Paulette Jiles’ new novel, “Simon The Fiddler”, is both charming and a wonderful story; the writer offers us some fascinating history of the State of Texas right after the end of The Civil War, when the novel takes place. It feels, in many ways, like a fairy tale, which is part of the wonder of the book, and, as the author is a woman, Giles is most astute when writing about the interrelationships between and amongst the four men who become a traveling musical troupe in Southeastern Texas in particular. She makes these men human, caring about one another, gentle most of the time, offering a valuable alternative to the macho Westerns most of us grew up watching or reading. And the central female character is strong and independent and sure of mind and her sense of self.
Nearing the end of The Civil War, it was common for men to be drafted both by Northern and Southern forces, depending upon where one was caught. Simon has left Paducah, Kentucky after the land and horses owned by his family are burned to the ground by a raiding army; he looks much younger than he is, thus avoiding the army altogether. His journey in this novel begins in Texas, where he’s playing his fiddle at a wedding party, determined to make his living playing thus; his skill is exceptional. Eventually he does get caught by Southern forces and is forced into minor combat, though his skills as fiddler generally keep him in the musical background to lift the troops’ spirits. After a pointless raid by Northern forces on a random island off the coast of Texas, Simon literally walks away from the camp, and first two other musicians join him, followed by a young boy, Patrick, who’s run away from home and joins these other men in trying to start new lives in a world of chaos, with governments changing virtually daily, no postal service, and the like; Jiles’ history is impeccable and her sense of Texas, where she resides, exceptional. Simon becomes the leader of the musical troupe, and the four escape from the island in a stolen boat, finally reaching Galveston, where they begin to get some gigs in local saloons and the like. Galveston’s been pretty much destroyed in the war; Jiles’ descriptions of this mostly decimated city are brilliantly written; her knowledge of place, of flora and fauna, of weather and the vastness of the Texas skies and landscapes, are some of the best parts of this novel.
The four men live together in one room, and this is where Jiles is at her finest: they accommodate one another, learn to understand each others’ needs, foibles, tempers, care for one another: her men are the opposite of that “rugged individual” made popular by Western movies of the fifties and iconized into the Marlboro cowboy man, that solo rider of horses and man of complete (alleged) autonomy. Jiles’ alternative men are kind, thoughtful and caring; perhaps by making them musicians, she’s able to make these personality traits more credible, and she’s completely successful in doing so. At a party celebrating that last battle in Texas, Simon sees, for the first time, the lovely Doris Dillon, whom he will learn is the governess to the one daughter of the commanding officer of the lost battle. It’s love at first sight, a wonderful trope for today’s ultra-cynical world in which commitment seems nigh on impossible (no doubt part of the author’s point). Simon’s able to determine over a period of time that Doris’ boss is abusive to his family and has made unwanted sexual advances to Doris. But after Simon and his troupe leave for Galveston and eventually Houston ( a city much derided here), Simon has to find ways to write to Doris; as the four men help him to write these letters, we again see the empathy possible amongst men living on the very edge of survival. Successes begin to occur as demand for the musical troupe increases (they leave Galveston after young Patrick succumbs to yellow fever). My favorite detail about Houston of the era is the tradition of shooting one’s gun up one’s chimney to celebrate New Year’s Eve….the author’s view of these Texas cities is often funny; men fight all the time because they’re drunk, and violence is a daily thing, but she presents the four musicians as alternative species of men, with real success.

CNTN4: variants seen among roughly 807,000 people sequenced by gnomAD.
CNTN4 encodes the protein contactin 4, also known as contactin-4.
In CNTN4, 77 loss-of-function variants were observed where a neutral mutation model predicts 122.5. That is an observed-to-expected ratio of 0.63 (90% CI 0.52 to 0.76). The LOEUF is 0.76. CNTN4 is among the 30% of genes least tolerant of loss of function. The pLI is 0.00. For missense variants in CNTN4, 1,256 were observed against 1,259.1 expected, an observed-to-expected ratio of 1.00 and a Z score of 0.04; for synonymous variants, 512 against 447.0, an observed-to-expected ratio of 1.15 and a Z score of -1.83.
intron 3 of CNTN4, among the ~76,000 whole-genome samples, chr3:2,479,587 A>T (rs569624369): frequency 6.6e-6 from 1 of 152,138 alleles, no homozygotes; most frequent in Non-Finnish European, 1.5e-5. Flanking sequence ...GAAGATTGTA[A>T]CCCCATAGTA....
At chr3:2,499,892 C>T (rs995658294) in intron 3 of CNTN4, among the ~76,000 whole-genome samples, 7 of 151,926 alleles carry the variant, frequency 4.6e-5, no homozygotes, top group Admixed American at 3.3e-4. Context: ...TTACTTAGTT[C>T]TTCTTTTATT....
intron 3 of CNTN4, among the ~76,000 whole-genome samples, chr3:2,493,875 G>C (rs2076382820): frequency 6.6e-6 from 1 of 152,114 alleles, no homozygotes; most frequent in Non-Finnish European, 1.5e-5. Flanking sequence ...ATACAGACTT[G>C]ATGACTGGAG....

After Patrick’s death, they go to San Antonio so Simon can find Doris (we’ve been told all along that Simon has a temper). At various stops along the way, and/or at parties they play at, Simon gets an education in the ways of the rich, and/or of their romantic, love-starved daughters, and the other members of the musical troupe eventually go their own way for their own reasons. I won’t ruin the plot by explaining how Doris and Simon meet again, and how they sneak visits and the like (the maid of the house is involved, of course), but when Simon is in real trouble and jailed for a violent defense of himself in a bar fight, it’s the very strong-willed and strong-minded Doris who will save him: this is a critically important part of the novel, a feminist underpinning of real importance, countering the commonly held assumption that women of the era are completely passive, objects, to be sheltered and protected. In the process of “Simon The Fiddler”, Paulette Jiles undermines all sorts of assumptions about gender, making the novel stronger while rejecting those tropes from Western novels and, eventually, movies and television shows we all watched along the way. The novel’s happy ending seems well earned; it may itself be a trope of sorts by the author.
“Simon The Fiddler” is a lovely read; what the reader learns about Texas history is alone fascinating, and the novel is didactic as well as slyly feminist and almost a fable in ways, but it also reminds us that not all men are inherently violent and not all women passive objects, and, by placing her novel in the l860s ,Jiles has a triumph on her hands for those of us reading with contemporary eyes.